For my story in this week’s magazine, I spent nine days reporting in Azerbaijan, where the government is famous for conducting surveillance on journalists. A reporter who had worked in the country told me to assume that the government was eavesdropping on all of my conversations and would likely place cameras in my hotel room. A few years ago, security services installed a camera in the bedroom of the Azerbaijani journalist Khadija Ismayilova, and released video of her in an intimate act with a boyfriend.
My wife and I came up with code words so I could let her know if she needed to call the U.S. Embassy or my editor. I left my iPhone at home. In Azerbaijan, I got two cell phones. One was officially registered to me; the other was purchased for me by a local contact. I turned off the official phone and took out the battery when I visited sources, because I had heard that the intelligence service would likely track my movements through my phone. I had oddly polite conversations with my wife every day. I used the encrypted app Signal to send messages and make calls.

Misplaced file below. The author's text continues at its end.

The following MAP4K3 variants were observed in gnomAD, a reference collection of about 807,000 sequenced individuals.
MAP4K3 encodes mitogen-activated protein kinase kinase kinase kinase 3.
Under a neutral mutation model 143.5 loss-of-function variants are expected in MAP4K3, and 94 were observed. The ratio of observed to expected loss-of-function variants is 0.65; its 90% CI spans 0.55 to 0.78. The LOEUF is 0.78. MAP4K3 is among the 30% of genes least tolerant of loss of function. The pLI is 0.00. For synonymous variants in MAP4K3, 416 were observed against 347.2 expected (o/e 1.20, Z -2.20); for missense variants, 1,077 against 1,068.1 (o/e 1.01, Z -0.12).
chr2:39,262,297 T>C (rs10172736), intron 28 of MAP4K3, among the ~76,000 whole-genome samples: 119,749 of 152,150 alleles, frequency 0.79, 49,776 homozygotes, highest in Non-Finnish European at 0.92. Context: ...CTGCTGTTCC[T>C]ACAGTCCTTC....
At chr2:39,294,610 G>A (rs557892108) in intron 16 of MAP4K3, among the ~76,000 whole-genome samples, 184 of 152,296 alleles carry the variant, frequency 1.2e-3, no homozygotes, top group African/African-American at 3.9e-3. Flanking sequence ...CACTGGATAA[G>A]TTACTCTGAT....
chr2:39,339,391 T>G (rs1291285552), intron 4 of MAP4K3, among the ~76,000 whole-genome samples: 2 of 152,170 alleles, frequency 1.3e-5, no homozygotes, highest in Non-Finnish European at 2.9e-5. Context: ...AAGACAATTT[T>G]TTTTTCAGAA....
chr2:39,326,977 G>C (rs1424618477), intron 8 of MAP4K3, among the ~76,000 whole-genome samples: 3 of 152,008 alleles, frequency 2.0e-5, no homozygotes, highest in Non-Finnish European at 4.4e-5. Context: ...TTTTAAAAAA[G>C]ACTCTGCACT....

When I met Ismayilova, who has spent time in jail and been monitored by the government for many years, I explained all my precautions. She laughed. She said she doesn’t bother anymore. I was relieved, because I realized that when I went to her house I had forgotten to take precautions, and had left the battery in my official phone. –Adam Davidson